I gave you this example to show that it feels painful, devastating to become someone else and not yourself. Could you imagine what would happen if you get married with someone that you don’t love? I could imagine that it feels awfully dreadful; I will live a wasted life, harassing myself for the rest of my life, watching the one I love from behind, I may want to ask myself just one question “What am I trying for?” Not only will it hurt me, but also the one that I don’t love will also feel awful. Normally, people can’t help who they fall in love with, so it’s unimaginable to say the LGBT community is not allowed to love people who have the same gender.

In conclusion, the LGBT community is not disease; they are trying hard to achieve their dreams the same as normal people. I have a dream that my children will be able to live in a world that I don’t need to tell them please treat your gay friends, your gay neighbors the same as us. Gay marriage becomes common day by day, and we should adjust ourselves to adapt it. It doesn’t feel right to get married to someone that you don’t love. Not only can gay people can feel how much it hurts, but also the normal people can feel hurt, too.

Speech for Equality: Feeling Happy Together with “Buraku” People

By Natsuki Sakagami, ELP Student

In our town, there are deep-rooted problems that have not resolved for a long time. In our town, there are people called “Buraku” that refers to the people who lived in a small area of the town. In our town, there are people who got a raw deal in spite of living in the same town. Why do people discriminate against them? Why can’t we treat them without discrimination?

Let me explain the history of the “Buraku” people.

A long time ago, Japan had the class system to separate people who handle the dead body of people and animals from samurai and common people. In that period, the death and the blood were perceived as dirty, so the “Buraku” people were also perceived as dirty. And unfortunately it had not changed for a long time. This is so wrong. Because they’re just like us, aren’t they?

In Meiji period, however, Japanese government abolished that system to get rid of our disparity, to unify our rank and to treat us equally. After many, many years, finally they are perceived as equal according to the law. Already 150 years have passed since the crass system was abolished. Already 150 years have passed since we should have treated them equally. And yet, even now, why do we treat them as before? Why can’t we stand in the same place? Why can’t we think of them as the same residents? Why do we have prejudice for them? “Do you want to change our future?”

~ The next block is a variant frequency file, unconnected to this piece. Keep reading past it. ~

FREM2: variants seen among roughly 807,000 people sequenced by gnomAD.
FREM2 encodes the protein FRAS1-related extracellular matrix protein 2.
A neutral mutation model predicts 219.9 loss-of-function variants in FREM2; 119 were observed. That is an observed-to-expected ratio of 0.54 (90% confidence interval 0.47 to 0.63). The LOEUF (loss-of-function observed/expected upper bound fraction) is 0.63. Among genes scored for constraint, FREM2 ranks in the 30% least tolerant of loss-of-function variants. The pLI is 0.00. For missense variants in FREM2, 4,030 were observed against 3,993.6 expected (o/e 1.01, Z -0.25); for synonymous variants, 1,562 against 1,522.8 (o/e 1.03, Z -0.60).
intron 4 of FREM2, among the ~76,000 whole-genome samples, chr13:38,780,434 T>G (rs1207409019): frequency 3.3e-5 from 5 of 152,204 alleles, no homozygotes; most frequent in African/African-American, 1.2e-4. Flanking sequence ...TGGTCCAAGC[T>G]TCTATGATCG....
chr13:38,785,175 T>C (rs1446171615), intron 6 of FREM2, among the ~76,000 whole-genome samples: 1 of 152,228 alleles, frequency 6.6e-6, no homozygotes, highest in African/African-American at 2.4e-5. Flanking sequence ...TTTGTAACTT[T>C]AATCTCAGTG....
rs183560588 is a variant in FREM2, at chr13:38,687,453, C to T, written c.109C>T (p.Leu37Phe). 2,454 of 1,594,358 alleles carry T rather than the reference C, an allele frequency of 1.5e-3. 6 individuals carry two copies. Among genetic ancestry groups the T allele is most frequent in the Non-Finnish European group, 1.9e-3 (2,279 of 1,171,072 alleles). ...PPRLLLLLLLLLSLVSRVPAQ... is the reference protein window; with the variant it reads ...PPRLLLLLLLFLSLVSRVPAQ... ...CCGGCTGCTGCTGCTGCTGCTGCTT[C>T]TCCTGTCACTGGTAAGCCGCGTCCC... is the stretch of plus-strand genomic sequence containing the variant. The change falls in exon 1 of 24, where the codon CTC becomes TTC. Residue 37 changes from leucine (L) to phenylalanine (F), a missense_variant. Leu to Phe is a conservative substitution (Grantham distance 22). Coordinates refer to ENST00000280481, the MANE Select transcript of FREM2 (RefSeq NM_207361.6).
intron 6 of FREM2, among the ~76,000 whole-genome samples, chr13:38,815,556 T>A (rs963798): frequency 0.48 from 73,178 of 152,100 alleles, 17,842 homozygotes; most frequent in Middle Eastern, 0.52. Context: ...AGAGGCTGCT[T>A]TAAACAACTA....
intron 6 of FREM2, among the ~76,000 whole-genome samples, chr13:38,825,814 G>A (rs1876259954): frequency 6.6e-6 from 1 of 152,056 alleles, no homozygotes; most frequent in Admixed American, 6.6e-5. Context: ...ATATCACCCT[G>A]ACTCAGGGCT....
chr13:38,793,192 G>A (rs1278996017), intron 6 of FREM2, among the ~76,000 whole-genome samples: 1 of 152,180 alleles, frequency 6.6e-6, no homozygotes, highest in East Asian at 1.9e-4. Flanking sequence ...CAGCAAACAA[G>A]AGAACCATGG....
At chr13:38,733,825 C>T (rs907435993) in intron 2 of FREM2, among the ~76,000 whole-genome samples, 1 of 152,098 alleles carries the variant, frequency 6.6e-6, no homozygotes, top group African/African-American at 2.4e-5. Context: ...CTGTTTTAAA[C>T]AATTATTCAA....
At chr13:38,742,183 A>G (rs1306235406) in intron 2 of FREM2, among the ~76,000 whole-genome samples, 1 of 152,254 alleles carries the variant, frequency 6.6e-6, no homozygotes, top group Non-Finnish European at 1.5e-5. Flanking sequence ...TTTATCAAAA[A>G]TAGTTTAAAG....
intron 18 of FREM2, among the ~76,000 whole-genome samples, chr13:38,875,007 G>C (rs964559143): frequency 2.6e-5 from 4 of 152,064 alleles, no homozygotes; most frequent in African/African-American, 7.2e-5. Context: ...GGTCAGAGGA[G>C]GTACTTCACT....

I believe that people who can resolve our problem are only us. I believe that people who can change our future are also only us. I have a lot of dreams which would be enough. For now, I want to fulfil my dream with us. I want you to have same dreams with me. And then we can take our problem away. Our children will spend time together without thinking about the difference. We can go back and forth in our town without thinking about the difference. For now, let’s step into a new place where all people can feel happy together.

Speech for Equality: Would You Like to Make a Fair World Where All People Can Say, “I Love You So Much”?

By Seina Maeda, ELP Student

Have you ever loved someone? Do you have someone who you care about? I’m sure that all of us will answer yes, and I also say yes. It is natural to be attracted to someone even if the person is a man or a woman. However, there are people who cannot say “I love you” in a loud voice, because some of us reject them and do not allow them. They are lesbians, gays, bisexuals, and transgender individuals. Do you have a friend who is a left-handed person? Do you have a friend who has type AB blood? And then, do you have a friend who is LGBT? The number of people who recognize themselves that they are LGBT is the same number of left-handed people and people who have type AB blood. How many of us know this fact? Probably, most of us do not know about that, and we think that the number of LGBT people in Japan is not so high. The reason why we do not recognize the number is large is that we created the society in which they cannot mention they are LGBT easily.